Temples Around Dharamshala


Chintpurni Temple : Chintpurni Temple is 70 km from Dharamshala and dedicated to Mata Shri Chhinnamastika Devi and Mata Chintpurni Devi. This Temple is one of the 51 Shakti Peeths. The legend is that the temple was built here after the Goddess revealed herself to Mayi Das, a devotee. The original pindi of the Devi still exists and the image depicts her without a head. It is the image of Chinnmastika - the goddess without a head.


Jwalamukhi Temple : The Jwalamukhi Temple in Kangra District of Himachal is considered extremely sacred for theHindus. It is located around 56 km from Dharamshala and south of the Kangra valley in the lap of Shivalik range. It is dedicated to Goddess Jwalamukhi, the deity of Flaming Mouth. The legend of the Jwalamukhi Temple relates to Sati.  Jwalamukhi temple is the place where the tongue of Sati fell. Here the goddess is manifested as tiny flames that burn through the fissures in the age old rock. Jwalamukhi Temple is a temple of the Goddess of Light. Jwalamukhi is also known as the Flaming Goddess. The building has a gilt dome and silver plated folding doors. Inside, there is a 3 feet square pit with pathway all around. In the centre, there is a hollowed rock over a primary fissure of flame. This one is regarded as the mouth of the Mahakali. Flames emit out from several other point in the pit. They are nine in total and represent the different form of the goddess -Saraswati, Annapurna, Chandi, Hing Laj,Vindhya Vasini, Mahalaxmi, Mahakali, ambika and Anjana.


Chamunda Devi Temple : The famous temple of Ma Chamunda is in Kangra district of Himachal Pradesh, India. It is around 10 km west of Palampur and 15 Km from Dharamshala on the Baner river. Around 400 years ago the king and a Brahmin priest prayed to Devi for permission to move the temple to some easily accessible location. Devi appeared to the priest in a dream giving her consent. She directed him to dig in a certain spot and an ancient idol would be found and that idol should be installed in the temple and worshipped as Her form.

The king sent out men to bring the idol. Although they were able to locate it but were not able to lift it. Again Devi appeared to the priest in a dream. She explained that the men could not lift the holy relic because they considered it an ordinary stone. She instructed him to get up early in the morning, take a bath, wear fresh clothes and go to the place in a respectful manner. He did as he was told and found that he could easily lift what a large group of men could not. He told the people that it was the power of the Goddess that brought the idol to the temple.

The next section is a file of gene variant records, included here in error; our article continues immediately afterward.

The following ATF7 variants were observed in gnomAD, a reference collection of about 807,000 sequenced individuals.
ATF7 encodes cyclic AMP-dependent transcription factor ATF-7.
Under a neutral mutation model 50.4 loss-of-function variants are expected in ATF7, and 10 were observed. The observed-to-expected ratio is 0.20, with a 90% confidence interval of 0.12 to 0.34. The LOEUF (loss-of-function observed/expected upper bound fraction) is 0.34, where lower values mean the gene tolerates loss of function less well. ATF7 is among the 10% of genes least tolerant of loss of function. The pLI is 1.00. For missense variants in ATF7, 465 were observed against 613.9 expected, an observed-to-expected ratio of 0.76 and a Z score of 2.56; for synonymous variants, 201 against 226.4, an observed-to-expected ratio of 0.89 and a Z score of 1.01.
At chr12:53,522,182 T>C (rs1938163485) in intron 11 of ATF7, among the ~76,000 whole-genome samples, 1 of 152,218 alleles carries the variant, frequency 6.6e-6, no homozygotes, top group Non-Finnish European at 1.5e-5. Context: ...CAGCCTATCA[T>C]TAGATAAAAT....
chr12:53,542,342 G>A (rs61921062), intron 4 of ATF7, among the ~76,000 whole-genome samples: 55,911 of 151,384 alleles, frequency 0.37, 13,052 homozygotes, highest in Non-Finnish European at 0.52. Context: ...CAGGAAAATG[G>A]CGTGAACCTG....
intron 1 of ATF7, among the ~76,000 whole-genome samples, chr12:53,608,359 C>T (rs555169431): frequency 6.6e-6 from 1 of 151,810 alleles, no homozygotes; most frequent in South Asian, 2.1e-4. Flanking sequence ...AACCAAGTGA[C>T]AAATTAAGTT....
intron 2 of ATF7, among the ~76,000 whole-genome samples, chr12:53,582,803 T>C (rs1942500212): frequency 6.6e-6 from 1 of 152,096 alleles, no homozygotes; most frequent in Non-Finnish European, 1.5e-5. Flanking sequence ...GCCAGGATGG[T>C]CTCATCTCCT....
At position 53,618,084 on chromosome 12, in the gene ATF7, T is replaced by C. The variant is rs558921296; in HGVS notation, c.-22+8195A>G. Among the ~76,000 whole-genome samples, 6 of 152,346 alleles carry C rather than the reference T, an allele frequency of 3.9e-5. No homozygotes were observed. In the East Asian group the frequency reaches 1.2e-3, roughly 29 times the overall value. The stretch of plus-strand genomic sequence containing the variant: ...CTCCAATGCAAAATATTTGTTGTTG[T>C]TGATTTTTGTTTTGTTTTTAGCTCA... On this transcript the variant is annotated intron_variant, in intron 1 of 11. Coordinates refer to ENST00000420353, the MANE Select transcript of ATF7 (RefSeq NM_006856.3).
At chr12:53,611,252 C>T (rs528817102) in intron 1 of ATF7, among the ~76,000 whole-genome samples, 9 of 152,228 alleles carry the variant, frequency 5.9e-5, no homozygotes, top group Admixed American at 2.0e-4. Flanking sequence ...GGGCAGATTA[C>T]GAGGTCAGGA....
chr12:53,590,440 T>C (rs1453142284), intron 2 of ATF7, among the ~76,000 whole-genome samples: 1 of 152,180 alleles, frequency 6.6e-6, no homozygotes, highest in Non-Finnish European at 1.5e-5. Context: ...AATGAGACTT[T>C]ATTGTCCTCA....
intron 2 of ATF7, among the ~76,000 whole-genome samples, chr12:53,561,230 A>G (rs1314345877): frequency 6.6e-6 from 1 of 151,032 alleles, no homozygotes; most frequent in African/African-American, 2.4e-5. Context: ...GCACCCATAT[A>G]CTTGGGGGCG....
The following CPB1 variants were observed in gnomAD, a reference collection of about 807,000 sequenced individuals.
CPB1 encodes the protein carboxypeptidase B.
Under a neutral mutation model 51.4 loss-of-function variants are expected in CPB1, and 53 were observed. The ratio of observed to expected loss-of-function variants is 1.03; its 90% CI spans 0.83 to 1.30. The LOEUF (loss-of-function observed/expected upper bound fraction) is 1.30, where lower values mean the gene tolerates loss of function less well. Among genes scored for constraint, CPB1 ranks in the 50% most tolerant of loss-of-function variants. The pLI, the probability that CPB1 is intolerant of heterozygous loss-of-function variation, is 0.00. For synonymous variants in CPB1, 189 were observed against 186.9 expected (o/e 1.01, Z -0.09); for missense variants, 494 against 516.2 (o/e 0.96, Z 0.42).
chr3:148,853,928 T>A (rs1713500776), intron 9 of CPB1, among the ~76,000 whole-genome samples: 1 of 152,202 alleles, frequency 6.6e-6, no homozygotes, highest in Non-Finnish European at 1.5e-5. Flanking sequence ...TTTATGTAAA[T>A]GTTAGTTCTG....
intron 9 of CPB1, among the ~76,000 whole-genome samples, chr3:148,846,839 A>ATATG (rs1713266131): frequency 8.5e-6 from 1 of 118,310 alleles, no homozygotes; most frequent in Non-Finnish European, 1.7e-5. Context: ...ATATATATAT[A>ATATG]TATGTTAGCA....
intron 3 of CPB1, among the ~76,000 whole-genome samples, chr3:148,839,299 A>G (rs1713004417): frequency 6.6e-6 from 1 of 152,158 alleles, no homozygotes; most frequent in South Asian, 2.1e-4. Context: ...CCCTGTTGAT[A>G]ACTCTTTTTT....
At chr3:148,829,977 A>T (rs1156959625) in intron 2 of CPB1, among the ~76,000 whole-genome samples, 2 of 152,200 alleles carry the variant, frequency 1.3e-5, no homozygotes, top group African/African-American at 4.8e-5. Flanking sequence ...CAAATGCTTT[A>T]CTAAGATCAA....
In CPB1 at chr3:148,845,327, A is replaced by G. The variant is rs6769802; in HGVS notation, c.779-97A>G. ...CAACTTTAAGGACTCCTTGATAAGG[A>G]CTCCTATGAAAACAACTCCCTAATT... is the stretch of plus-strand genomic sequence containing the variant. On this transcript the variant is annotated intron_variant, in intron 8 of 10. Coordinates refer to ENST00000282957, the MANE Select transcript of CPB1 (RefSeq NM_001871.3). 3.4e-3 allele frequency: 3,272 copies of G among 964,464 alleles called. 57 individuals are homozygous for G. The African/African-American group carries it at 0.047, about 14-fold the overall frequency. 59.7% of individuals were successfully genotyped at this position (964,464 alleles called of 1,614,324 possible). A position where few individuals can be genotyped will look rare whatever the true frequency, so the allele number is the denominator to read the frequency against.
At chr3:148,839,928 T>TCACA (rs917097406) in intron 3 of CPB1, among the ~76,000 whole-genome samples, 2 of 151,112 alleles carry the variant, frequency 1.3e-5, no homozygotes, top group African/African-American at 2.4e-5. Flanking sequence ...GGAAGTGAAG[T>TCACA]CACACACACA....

The temple now depicts scenes from the Devi Mahatmya, Ramayan and Mahabharata. The Devi's image is flanked by the images of Hanuman and Bhairo on either side.


Brijeshwari Devi Temple : Shri Bajreshwari Devi or vajreshwari Devi or Brajeshwari Devi temple of Kangra once known for its legendary wealth this temple was raided by various invaders from the north. Destroyed completely in 1905 by an earthquake, it was rebuilt in 1920 and continues to be a busy place of pilgrimage. One of the most revered shrines, Vajreshwari Temple is dedicated to Devi Vajreshwari, the Goddess of Lightening. It has also been built as per the Shikhara style of architecture. It is believed that Vajreshwari Temple is more than 1000 years old is 17 Km from Dharamshala Town.


OTHER ATTRACTIONS : The fort of Kangra and Mangarh are other attractions.


ADVENTURE ACTIVITIES AND SPORTS : Between May and October, the Dhauladhar ranges offer an enormous variety of trekking and rock climbing.

FISHING : The 20 km stretch of the river Beas between Nadaun and Pong Dam offers ample opportunities in angling for Mahaseer.

SHOPPING : For local handicrafts visit Kotwali Bazar, Tibetan handicrafts and carpets are available at Mcleodganj.


How To Reach


By Air
Kangra airport (Gaggal Airport) is the nearest airstrip from Dharamsala, situated at the distance of 21 km. Jagson Airline has flights every Monday, Wednesday, and Friday, from Delhi to Kangra airport. Once you arrive in Kangra, make use of the buses and taxis, available easily, for traveling to Dharamsala.

By Rail
Pathankot is nearest major railhead from Dharamsala, situated at the distance of 76 km. There are many trains running from Pathankot station (a.k.a. Chakki Bank Station) to different cities of India. For instance, it is connected to Delhi by the Jammu Express and to Kolkata by the Jammu Tawi Express. From Pathankot, you can take the narrow gauge railway line train to Kangra, for further expansion of experience, and either take a bus or hire a cab from there, for reaching Dharamsala. Though time consuming, such a journey would surely leave you mesmerized.

By Road
Dharamsala has an excellent network of roads that links with almost all the major cities of the country. The place is situated at a distance of 516 km from Delhi, 268 Km from Chandigarh, 195 km from Amritsar and 283 km from Shimla. Once you arrive at any of these places, you can opt for buses as well as taxis for reaching Dharamsala. In case you plan to drive down to the place from Delhi, take NH1 and NH21 for reaching Kiratpur and from there drive to Una and then to Kangra. From there, McLeodganj is 31 km. From Chandigarh, you will have to take NH21 to Kiratpur. From Shimla, drive to Bilaspur and then to Mandi. From there, take NH20 to Dharamsala.